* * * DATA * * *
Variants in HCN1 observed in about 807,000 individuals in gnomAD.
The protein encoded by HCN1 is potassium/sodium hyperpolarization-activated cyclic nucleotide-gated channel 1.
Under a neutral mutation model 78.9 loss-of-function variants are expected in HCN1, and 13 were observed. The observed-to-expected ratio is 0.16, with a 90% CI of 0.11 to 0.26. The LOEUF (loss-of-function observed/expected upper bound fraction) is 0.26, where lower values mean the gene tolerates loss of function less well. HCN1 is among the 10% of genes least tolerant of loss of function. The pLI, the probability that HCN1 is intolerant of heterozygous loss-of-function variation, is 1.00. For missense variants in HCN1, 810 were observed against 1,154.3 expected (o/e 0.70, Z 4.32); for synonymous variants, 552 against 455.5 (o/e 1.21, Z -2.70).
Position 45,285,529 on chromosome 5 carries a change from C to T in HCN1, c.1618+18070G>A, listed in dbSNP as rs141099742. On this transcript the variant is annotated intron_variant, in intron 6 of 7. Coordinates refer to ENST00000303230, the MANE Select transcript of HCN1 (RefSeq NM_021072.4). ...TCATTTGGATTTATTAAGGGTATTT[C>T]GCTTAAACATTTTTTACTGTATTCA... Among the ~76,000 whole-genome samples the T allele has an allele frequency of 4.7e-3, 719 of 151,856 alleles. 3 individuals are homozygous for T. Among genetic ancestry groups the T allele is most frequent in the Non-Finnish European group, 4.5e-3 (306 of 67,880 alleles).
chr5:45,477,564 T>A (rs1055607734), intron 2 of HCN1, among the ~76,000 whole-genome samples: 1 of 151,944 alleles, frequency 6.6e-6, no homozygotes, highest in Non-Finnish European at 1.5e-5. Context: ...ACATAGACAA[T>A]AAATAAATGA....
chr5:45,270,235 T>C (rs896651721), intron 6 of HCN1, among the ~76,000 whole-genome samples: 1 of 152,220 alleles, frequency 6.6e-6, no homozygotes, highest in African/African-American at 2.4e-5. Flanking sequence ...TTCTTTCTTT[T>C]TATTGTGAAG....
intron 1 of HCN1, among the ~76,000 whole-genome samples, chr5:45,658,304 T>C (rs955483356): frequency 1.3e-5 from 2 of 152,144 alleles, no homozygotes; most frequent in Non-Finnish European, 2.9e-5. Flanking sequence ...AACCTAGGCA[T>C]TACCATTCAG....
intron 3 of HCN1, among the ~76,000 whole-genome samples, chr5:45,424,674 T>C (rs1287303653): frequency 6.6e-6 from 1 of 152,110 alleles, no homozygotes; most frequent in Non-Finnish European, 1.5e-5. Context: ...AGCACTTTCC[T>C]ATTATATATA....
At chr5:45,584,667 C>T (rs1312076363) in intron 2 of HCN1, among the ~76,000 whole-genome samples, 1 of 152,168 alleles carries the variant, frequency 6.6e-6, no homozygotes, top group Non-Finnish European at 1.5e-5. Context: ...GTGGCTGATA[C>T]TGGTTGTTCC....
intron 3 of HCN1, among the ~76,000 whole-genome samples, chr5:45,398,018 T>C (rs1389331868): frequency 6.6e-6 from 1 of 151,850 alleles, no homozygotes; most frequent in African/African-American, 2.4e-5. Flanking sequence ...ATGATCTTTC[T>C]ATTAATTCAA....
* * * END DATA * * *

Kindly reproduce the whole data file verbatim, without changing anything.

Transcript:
Variants in HCN1 observed in about 807,000 individuals in gnomAD.
The protein encoded by HCN1 is potassium/sodium hyperpolarization-activated cyclic nucleotide-gated channel 1.
Under a neutral mutation model 78.9 loss-of-function variants are expected in HCN1, and 13 were observed. The observed-to-expected ratio is 0.16, with a 90% CI of 0.11 to 0.26. The LOEUF (loss-of-function observed/expected upper bound fraction) is 0.26, where lower values mean the gene tolerates loss of function less well. HCN1 is among the 10% of genes least tolerant of loss of function. The pLI, the probability that HCN1 is intolerant of heterozygous loss-of-function variation, is 1.00. For missense variants in HCN1, 810 were observed against 1,154.3 expected (o/e 0.70, Z 4.32); for synonymous variants, 552 against 455.5 (o/e 1.21, Z -2.70).
Position 45,285,529 on chromosome 5 carries a change from C to T in HCN1, c.1618+18070G>A, listed in dbSNP as rs141099742. On this transcript the variant is annotated intron_variant, in intron 6 of 7. Coordinates refer to ENST00000303230, the MANE Select transcript of HCN1 (RefSeq NM_021072.4). ...TCATTTGGATTTATTAAGGGTATTT[C>T]GCTTAAACATTTTTTACTGTATTCA... Among the ~76,000 whole-genome samples the T allele has an allele frequency of 4.7e-3, 719 of 151,856 alleles. 3 individuals are homozygous for T. Among genetic ancestry groups the T allele is most frequent in the Non-Finnish European group, 4.5e-3 (306 of 67,880 alleles).
chr5:45,477,564 T>A (rs1055607734), intron 2 of HCN1, among the ~76,000 whole-genome samples: 1 of 151,944 alleles, frequency 6.6e-6, no homozygotes, highest in Non-Finnish European at 1.5e-5. Context: ...ACATAGACAA[T>A]AAATAAATGA....
chr5:45,270,235 T>C (rs896651721), intron 6 of HCN1, among the ~76,000 whole-genome samples: 1 of 152,220 alleles, frequency 6.6e-6, no homozygotes, highest in African/African-American at 2.4e-5. Flanking sequence ...TTCTTTCTTT[T>C]TATTGTGAAG....
intron 1 of HCN1, among the ~76,000 whole-genome samples, chr5:45,658,304 T>C (rs955483356): frequency 1.3e-5 from 2 of 152,144 alleles, no homozygotes; most frequent in Non-Finnish European, 2.9e-5. Flanking sequence ...AACCTAGGCA[T>C]TACCATTCAG....
intron 3 of HCN1, among the ~76,000 whole-genome samples, chr5:45,424,674 T>C (rs1287303653): frequency 6.6e-6 from 1 of 152,110 alleles, no homozygotes; most frequent in Non-Finnish European, 1.5e-5. Context: ...AGCACTTTCC[T>C]ATTATATATA....
At chr5:45,584,667 C>T (rs1312076363) in intron 2 of HCN1, among the ~76,000 whole-genome samples, 1 of 152,168 alleles carries the variant, frequency 6.6e-6, no homozygotes, top group Non-Finnish European at 1.5e-5. Context: ...GTGGCTGATA[C>T]TGGTTGTTCC....
intron 3 of HCN1, among the ~76,000 whole-genome samples, chr5:45,398,018 T>C (rs1389331868): frequency 6.6e-6 from 1 of 151,850 alleles, no homozygotes; most frequent in African/African-American, 2.4e-5. Flanking sequence ...ATGATCTTTC[T>C]ATTAATTCAA....